Truckers Seeking Bankruptcy Amid COVID-19 ‘Cataclysm'

Truckers Seeking Bankruptcy Amid COVID-19 ‘Cataclysm'
Dancor Transit of Van Buren saw a drop in freight prices and an increase in insurance prices last year. Then COVID-19 upended the world. (Google Maps)

Dan Bearden’s Van Buren trucking company had been struggling with soaring insurance rates and falling freight prices since last year. Then the pandemic struck like a meteor.

“It’s almost like we got hit with a cataclysmic event,” Bearden said last week. “And that’s what causes extinctions.”

On Feb. 27, his Dancor Transit Inc. filed for Chapter 11 reorganization, listing $5.8 million in debts and $7.3 million in assets.

Dancor is part of a national wave. In the first half of 2019, 640 trucking companies went out of business, more than double the trucker failures in all of 2018, according to transportation industry data firm Broughton Capital LLC, as reported by The Wall Street Journal.

“Before the COVID-19 issues, there were a lot of trucking companies who were experiencing problems, particularly with rising insurance costs,” said Kevin Keech, a bankruptcy attorney in Little Rock.

Keech represents Dancor in its bankruptcy, but he declined to comment specifically about that client.

“We did start seeing an uptick in the number of people who were experiencing financial stress and difficulties in 2019 in the trucking industry,” he said.

And the coronavirus is making the business situation worse.

“What’s going on out here is that the manufacturers are shut down, which means the truck drivers have got nothing to haul,” said Bearden’s daughter, Jeri Lynn Bearden, vice president of the company.

Trucking companies are dropping their prices just to get freight, she said. “It’s just making our situation even harder.” Dancor, with about 80 trucks and 34 drivers, has sold some real estate “just to keep afloat,” she said.

It’s quite a turnaround, because good times aren’t that far in the rear view.

RELATED: Denial of PPP Loan Makes Matters Worse for Dancor Transit

A ‘Fantastic’ 2018

2018 was a “fantastic year” for the trucking industry, said Doug Voss, a professor of logistics and supply chain management at the University of Central Arkansas. He also serves on the board of the Arkansas Trucking Association. (For guest commentary from Voss, see Coronavirus Could Change the Global Supply Chain.)

Two major hurricanes in 2018 helped, Voss said, because demand for trucking rose as rebuilding materials were sent to the damaged areas. The federal Tax Cut & Jobs Act, passed in December 2017, was also good for the bottom line.

The upturn encouraged drivers to go out on their own. “Trucking has very low barriers to entry,” Voss said. “So when the rates go up, you get a lot of new trucking companies flooding the market.”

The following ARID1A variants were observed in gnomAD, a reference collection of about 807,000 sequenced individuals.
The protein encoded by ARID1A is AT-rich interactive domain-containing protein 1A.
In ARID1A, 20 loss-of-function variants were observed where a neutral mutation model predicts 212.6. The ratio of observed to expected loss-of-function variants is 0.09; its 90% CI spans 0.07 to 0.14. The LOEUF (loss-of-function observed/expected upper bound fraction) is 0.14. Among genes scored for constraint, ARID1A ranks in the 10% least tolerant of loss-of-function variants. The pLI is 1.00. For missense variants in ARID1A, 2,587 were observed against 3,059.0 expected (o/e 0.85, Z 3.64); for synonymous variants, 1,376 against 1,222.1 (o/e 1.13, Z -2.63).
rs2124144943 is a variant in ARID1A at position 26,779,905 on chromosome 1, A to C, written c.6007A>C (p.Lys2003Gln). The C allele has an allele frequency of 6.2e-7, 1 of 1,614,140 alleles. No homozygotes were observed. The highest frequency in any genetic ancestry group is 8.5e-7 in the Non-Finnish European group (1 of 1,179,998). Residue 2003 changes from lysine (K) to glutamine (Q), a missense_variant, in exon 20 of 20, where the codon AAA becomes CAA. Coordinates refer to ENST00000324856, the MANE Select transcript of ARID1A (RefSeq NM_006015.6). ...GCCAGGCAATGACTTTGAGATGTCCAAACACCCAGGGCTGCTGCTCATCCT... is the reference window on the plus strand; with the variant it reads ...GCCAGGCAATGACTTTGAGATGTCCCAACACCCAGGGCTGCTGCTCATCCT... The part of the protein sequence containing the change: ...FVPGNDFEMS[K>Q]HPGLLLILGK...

Dan Bearden said the overcapacity hurt the industry. “The worst enemy of a trucking company is itself,” he said. When freight rates are high, companies want to expand by adding trailers and drivers.

“All you hear is there’s a shortage of drivers,” he said. “Nobody says I can’t get my freight delivered.”

For the fiscal year that ended Sept. 30, 2018, Dancor had $17.7 million in revenue, according to its bankruptcy filing. A year later that dropped to $16.2 million, reflecting industrywide stress in 2019.

A Choppy 2019

Even large trucking companies weren’t immune last year. In mid-2019, “the trucking freight market began to soften,” Kathryn Wouters, senior vice president of finance and treasurer of Celadon Group Inc. of Indianapolis, wrote in December in her company’s Chapter 11 bankruptcy reorganization filing.

“The combination of a decline in overall freight tonnage and excessive truck capacity in the market led to a significant decline in freight rates, and customers began to take bids at lower freight rates.”

Bearden also witnessed the drop in freight prices.

Last summer, freight rates were around $2.25 or $2.50 a mile, he said. A dollar a mile is now on the high end.

Meanwhile, insurance rates have been rising. In 2019, Dancor’s insurance rate for trucks went from $4,500 to $12,500 “overnight,” Bearden said.

Jeri Lynn Bearden, who handles insurance and benefits for the company, said Dancor had a “good, solid, clean record for the past two years.” But the rates still ballooned, another industrywide trend.

“It’s catastrophic out there right now in the trucking world,” she said.

Voss said the rise in insurance premiums was driven by multimillion-dollar verdicts against trucking companies for road accidents and pressure on the supply side as some insurance companies have stopped writing policies.

Still, Dan Bearden said Dancor, at least for now, is able to pay its remaining 50 employees, although some have been laid off. And the company continues to pay its utilities and mortgages. “We’re making all our payments,” he said. “We’re still running. We’re still hauling freight.

“I mean, the show runs on.”